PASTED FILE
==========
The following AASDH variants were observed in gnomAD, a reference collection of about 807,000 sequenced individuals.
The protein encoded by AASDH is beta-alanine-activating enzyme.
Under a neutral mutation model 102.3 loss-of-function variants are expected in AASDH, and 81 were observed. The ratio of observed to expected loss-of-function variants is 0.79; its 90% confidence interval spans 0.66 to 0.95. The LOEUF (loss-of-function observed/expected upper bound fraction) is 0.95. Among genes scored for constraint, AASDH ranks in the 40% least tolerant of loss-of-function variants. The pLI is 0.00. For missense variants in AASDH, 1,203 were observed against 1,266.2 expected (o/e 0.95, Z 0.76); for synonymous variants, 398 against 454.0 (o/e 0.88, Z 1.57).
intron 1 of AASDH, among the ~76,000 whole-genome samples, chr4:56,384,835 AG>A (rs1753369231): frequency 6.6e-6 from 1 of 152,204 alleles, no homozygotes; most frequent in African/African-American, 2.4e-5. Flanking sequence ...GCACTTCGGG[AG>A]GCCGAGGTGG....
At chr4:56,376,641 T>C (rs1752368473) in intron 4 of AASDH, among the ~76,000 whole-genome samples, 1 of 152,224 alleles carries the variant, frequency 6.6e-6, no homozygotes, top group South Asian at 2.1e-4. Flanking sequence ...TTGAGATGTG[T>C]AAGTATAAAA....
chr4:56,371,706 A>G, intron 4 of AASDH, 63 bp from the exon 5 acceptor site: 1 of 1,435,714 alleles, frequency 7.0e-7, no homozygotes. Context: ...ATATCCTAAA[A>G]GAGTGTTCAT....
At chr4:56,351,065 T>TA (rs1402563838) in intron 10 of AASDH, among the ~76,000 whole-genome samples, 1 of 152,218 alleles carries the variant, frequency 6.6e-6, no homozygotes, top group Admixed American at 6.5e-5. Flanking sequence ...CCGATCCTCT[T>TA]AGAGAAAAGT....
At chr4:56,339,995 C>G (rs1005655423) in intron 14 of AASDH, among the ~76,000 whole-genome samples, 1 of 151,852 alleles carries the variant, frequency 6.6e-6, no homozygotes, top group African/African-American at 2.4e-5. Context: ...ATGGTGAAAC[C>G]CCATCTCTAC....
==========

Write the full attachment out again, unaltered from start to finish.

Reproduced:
The following AASDH variants were observed in gnomAD, a reference collection of about 807,000 sequenced individuals.
The protein encoded by AASDH is beta-alanine-activating enzyme.
Under a neutral mutation model 102.3 loss-of-function variants are expected in AASDH, and 81 were observed. The ratio of observed to expected loss-of-function variants is 0.79; its 90% confidence interval spans 0.66 to 0.95. The LOEUF (loss-of-function observed/expected upper bound fraction) is 0.95. Among genes scored for constraint, AASDH ranks in the 40% least tolerant of loss-of-function variants. The pLI is 0.00. For missense variants in AASDH, 1,203 were observed against 1,266.2 expected (o/e 0.95, Z 0.76); for synonymous variants, 398 against 454.0 (o/e 0.88, Z 1.57).
intron 1 of AASDH, among the ~76,000 whole-genome samples, chr4:56,384,835 AG>A (rs1753369231): frequency 6.6e-6 from 1 of 152,204 alleles, no homozygotes; most frequent in African/African-American, 2.4e-5. Flanking sequence ...GCACTTCGGG[AG>A]GCCGAGGTGG....
At chr4:56,376,641 T>C (rs1752368473) in intron 4 of AASDH, among the ~76,000 whole-genome samples, 1 of 152,224 alleles carries the variant, frequency 6.6e-6, no homozygotes, top group South Asian at 2.1e-4. Flanking sequence ...TTGAGATGTG[T>C]AAGTATAAAA....
chr4:56,371,706 A>G, intron 4 of AASDH, 63 bp from the exon 5 acceptor site: 1 of 1,435,714 alleles, frequency 7.0e-7, no homozygotes. Context: ...ATATCCTAAA[A>G]GAGTGTTCAT....
At chr4:56,351,065 T>TA (rs1402563838) in intron 10 of AASDH, among the ~76,000 whole-genome samples, 1 of 152,218 alleles carries the variant, frequency 6.6e-6, no homozygotes, top group Admixed American at 6.5e-5. Flanking sequence ...CCGATCCTCT[T>TA]AGAGAAAAGT....
At chr4:56,339,995 C>G (rs1005655423) in intron 14 of AASDH, among the ~76,000 whole-genome samples, 1 of 151,852 alleles carries the variant, frequency 6.6e-6, no homozygotes, top group African/African-American at 2.4e-5. Context: ...ATGGTGAAAC[C>G]CCATCTCTAC....